Statistical analysis was carried out using one-way ANOVA, followed by Tukey multiple comparisons test using Prism software (GraphPad Prism, version 3.0; GraphPad Inc., San Diego, CA). Unpaired t test was used for the relative mRNA expression. Values were considered statistically significant at P< 0.05. Each experiment was repeated at least three times, with similar results. Blots are representative of one experiment, and graphs represent the mean ± SE of three replicates.
The purity of T-I cells was examined by immunofluorescence staining of CYP17A1, a marker enzyme, as described in Materials and Methods. The results in Figure 1 show that greater than 90% of the cells stained positive for CYP17A1, identifying the cells as being T-I cells. The control cells without exposure to CYP17A1 antibody did not show appreciable fluorescence. The cells also showed an absence of aromatase mRNA expression in response to follicle-stimulating hormone, suggesting that T-I cells were free of granulosa cells (data not shown).
The T-I cells were treated with hCG at different concentrations (0, 25, and 50 ng/ml) for 4 h, and Western blot analysis was performed using an SREBF1a antibody specific for the active form. The results in Figure 2A show that hCG treatment caused a significant increase in the active form of SREBF1a protein.
As stated in the Introduction, INSIGs are proteins associated with the ER that block proteolytic activation of SREBFs. To determine whether hCG negatively regulates INSIG1 protein, cultured cells were treated with hCG at different concentrations (0, 25, and 50 ng/ml) for 4 h, and INSIG1 levels were analyzed by Western blot. The results show that hCG caused a decrease in the INSIG1 level at all doses tested (Fig. 2B). This indicates that the increase in SREBF1a in response to hCG treatment is accompanied by a significant reduction in the INSIG1 level, suggesting that the hCG-mediated decrease in INSIG1 allows the increase in the active form of SREBF1a.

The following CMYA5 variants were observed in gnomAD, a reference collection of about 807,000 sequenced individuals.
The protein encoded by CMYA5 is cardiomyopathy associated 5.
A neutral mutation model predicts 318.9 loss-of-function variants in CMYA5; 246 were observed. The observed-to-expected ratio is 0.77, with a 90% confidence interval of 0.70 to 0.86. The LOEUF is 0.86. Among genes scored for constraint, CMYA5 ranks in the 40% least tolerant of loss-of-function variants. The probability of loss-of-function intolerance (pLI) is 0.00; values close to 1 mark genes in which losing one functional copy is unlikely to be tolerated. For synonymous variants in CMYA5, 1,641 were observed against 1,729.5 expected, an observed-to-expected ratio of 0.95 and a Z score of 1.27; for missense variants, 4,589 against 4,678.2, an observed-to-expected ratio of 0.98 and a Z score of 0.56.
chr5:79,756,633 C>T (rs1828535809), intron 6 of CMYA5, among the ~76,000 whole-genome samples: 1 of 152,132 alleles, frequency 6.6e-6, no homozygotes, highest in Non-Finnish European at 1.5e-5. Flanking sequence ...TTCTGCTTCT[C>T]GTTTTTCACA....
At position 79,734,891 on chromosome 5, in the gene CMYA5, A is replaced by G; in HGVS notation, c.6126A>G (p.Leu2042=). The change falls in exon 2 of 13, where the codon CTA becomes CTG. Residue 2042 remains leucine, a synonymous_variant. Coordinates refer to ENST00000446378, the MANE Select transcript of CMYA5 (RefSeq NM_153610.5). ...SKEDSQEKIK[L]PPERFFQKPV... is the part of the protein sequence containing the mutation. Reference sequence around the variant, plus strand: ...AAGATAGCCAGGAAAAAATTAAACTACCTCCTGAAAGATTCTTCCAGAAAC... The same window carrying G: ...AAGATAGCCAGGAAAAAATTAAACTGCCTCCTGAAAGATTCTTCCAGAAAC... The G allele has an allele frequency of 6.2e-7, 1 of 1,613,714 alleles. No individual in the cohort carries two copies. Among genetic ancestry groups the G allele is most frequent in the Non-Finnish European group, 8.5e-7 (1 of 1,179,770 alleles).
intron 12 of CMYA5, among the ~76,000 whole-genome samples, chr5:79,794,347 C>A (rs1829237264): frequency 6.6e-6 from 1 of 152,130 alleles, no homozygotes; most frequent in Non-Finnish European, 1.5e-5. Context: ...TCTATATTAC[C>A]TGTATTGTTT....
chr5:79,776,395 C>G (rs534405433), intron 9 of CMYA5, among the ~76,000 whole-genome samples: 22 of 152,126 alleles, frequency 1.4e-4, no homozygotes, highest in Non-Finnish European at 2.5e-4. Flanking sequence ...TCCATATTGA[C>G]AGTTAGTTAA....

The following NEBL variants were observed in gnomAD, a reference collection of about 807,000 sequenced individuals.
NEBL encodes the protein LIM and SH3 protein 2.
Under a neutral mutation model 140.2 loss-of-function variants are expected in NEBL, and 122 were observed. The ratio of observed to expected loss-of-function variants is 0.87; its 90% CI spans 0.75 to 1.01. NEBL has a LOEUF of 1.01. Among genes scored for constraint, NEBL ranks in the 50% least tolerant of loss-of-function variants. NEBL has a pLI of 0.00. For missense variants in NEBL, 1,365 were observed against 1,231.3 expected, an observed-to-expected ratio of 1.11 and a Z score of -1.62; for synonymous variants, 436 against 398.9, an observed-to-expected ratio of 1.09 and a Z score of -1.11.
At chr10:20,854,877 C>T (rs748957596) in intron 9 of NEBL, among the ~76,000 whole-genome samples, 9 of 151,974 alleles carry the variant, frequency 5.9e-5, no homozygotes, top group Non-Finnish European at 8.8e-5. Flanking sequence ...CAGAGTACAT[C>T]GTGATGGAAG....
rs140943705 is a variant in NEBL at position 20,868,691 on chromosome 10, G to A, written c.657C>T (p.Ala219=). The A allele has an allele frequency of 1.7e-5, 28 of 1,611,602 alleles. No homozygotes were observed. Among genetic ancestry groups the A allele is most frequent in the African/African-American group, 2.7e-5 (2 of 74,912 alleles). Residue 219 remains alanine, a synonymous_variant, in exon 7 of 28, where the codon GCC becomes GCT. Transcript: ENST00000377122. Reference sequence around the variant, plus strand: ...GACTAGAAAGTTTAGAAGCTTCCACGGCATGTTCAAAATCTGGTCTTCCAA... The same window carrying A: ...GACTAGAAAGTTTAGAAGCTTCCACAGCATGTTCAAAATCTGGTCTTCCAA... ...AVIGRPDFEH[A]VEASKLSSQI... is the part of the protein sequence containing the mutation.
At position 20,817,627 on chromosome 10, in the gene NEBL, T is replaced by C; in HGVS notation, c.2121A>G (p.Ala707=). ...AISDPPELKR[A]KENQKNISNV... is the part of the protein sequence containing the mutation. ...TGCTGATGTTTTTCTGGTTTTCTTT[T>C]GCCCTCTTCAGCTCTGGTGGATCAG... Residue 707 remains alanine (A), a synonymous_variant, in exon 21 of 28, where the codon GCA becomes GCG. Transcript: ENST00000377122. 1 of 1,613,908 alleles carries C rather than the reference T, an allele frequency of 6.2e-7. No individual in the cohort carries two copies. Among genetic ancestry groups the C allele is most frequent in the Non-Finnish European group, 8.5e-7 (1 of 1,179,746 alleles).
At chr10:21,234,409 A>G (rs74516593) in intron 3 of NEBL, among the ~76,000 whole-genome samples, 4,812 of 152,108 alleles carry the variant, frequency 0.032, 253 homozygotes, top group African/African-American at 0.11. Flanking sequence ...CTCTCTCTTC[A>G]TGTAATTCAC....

We next sought to determine if the increase in the active form of SREBF was accompanied by a corresponding increase in the mRNA levels of SREBF transcriptional targets. Following 4 h of hCG treatment (50 ng/ml), total RNA was extracted, and the mRNA levels of two representative target genes, Hmgcr and Mvk, were determined by real-time PCR. The results in Figure 2, C and D, show a significant increase in mRNA levels of SREBF1a target genes Hmgcr and Mvk in response to hCG.
The contribution of the PRKA pathway in the hCG-mediated increase in SREBF1a protein level was then examined. To test this, cultured cells were preincubated with a PRKA-specific inhibitor (H89 [10 μM]) for 1 h, followed by stimulation with hCG (50 ng/ml) for 4 h. The active form of SREBF1a was then analyzed by Western blot (Fig. 3A). The results show that, while hCG treatment alone caused a three-fold increase in the expression of the active form of SREBF1a, the addition of PRKA inhibitor completely abolished this increase, suggesting that hCG-stimulated SREBF1a activation proceeds through a PRKA-mediated pathway.
Because INSIGs are negative regulators of SREBF1 processing, the effect of PRKA inhibitor on INSIG1 was then examined. The cultured cells were preincubated with PRKA inhibitor (H89 [10 μM]) for 1h, followed by hCG (50 ng/ml) stimulation for 4 h. Whole-cell lysates were analyzed for INSIG1 protein as described in Materials and Methods. The results in Figure 3B show that the cells treated with hCG plus PRKA inhibitor exhibited a two-fold increase in INSIG1 protein level compared with those treated with hCG alone. Thus, PRKA inhibition abrogated the inhibitory effect of hCG on INSIG1.